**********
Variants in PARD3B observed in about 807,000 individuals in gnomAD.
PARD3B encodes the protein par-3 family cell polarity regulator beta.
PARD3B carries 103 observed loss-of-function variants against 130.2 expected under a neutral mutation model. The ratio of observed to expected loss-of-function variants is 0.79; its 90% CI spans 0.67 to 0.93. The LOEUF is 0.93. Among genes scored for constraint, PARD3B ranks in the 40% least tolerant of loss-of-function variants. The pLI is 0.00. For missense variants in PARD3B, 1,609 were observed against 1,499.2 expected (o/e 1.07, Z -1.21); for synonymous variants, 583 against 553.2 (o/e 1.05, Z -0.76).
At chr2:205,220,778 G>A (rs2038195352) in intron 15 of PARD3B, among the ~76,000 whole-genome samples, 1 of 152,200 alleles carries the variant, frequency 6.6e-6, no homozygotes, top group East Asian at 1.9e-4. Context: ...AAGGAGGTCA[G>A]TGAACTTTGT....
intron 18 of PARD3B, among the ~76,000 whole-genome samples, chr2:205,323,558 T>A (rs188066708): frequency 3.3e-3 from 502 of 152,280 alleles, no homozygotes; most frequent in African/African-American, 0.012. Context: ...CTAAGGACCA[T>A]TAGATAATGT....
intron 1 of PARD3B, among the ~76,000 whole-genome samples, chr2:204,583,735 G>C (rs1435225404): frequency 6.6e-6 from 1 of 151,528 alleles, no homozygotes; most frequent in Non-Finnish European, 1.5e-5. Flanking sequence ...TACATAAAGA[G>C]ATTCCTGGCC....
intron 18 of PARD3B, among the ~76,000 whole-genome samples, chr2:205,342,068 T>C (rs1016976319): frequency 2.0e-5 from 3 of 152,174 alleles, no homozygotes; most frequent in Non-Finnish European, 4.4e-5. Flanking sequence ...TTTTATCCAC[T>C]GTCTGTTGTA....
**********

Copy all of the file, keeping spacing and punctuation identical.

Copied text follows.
Variants in PARD3B observed in about 807,000 individuals in gnomAD.
PARD3B encodes the protein par-3 family cell polarity regulator beta.
PARD3B carries 103 observed loss-of-function variants against 130.2 expected under a neutral mutation model. The ratio of observed to expected loss-of-function variants is 0.79; its 90% CI spans 0.67 to 0.93. The LOEUF is 0.93. Among genes scored for constraint, PARD3B ranks in the 40% least tolerant of loss-of-function variants. The pLI is 0.00. For missense variants in PARD3B, 1,609 were observed against 1,499.2 expected (o/e 1.07, Z -1.21); for synonymous variants, 583 against 553.2 (o/e 1.05, Z -0.76).
At chr2:205,220,778 G>A (rs2038195352) in intron 15 of PARD3B, among the ~76,000 whole-genome samples, 1 of 152,200 alleles carries the variant, frequency 6.6e-6, no homozygotes, top group East Asian at 1.9e-4. Context: ...AAGGAGGTCA[G>A]TGAACTTTGT....
intron 18 of PARD3B, among the ~76,000 whole-genome samples, chr2:205,323,558 T>A (rs188066708): frequency 3.3e-3 from 502 of 152,280 alleles, no homozygotes; most frequent in African/African-American, 0.012. Context: ...CTAAGGACCA[T>A]TAGATAATGT....
intron 1 of PARD3B, among the ~76,000 whole-genome samples, chr2:204,583,735 G>C (rs1435225404): frequency 6.6e-6 from 1 of 151,528 alleles, no homozygotes; most frequent in Non-Finnish European, 1.5e-5. Flanking sequence ...TACATAAAGA[G>C]ATTCCTGGCC....
intron 18 of PARD3B, among the ~76,000 whole-genome samples, chr2:205,342,068 T>C (rs1016976319): frequency 2.0e-5 from 3 of 152,174 alleles, no homozygotes; most frequent in Non-Finnish European, 4.4e-5. Flanking sequence ...TTTTATCCAC[T>C]GTCTGTTGTA....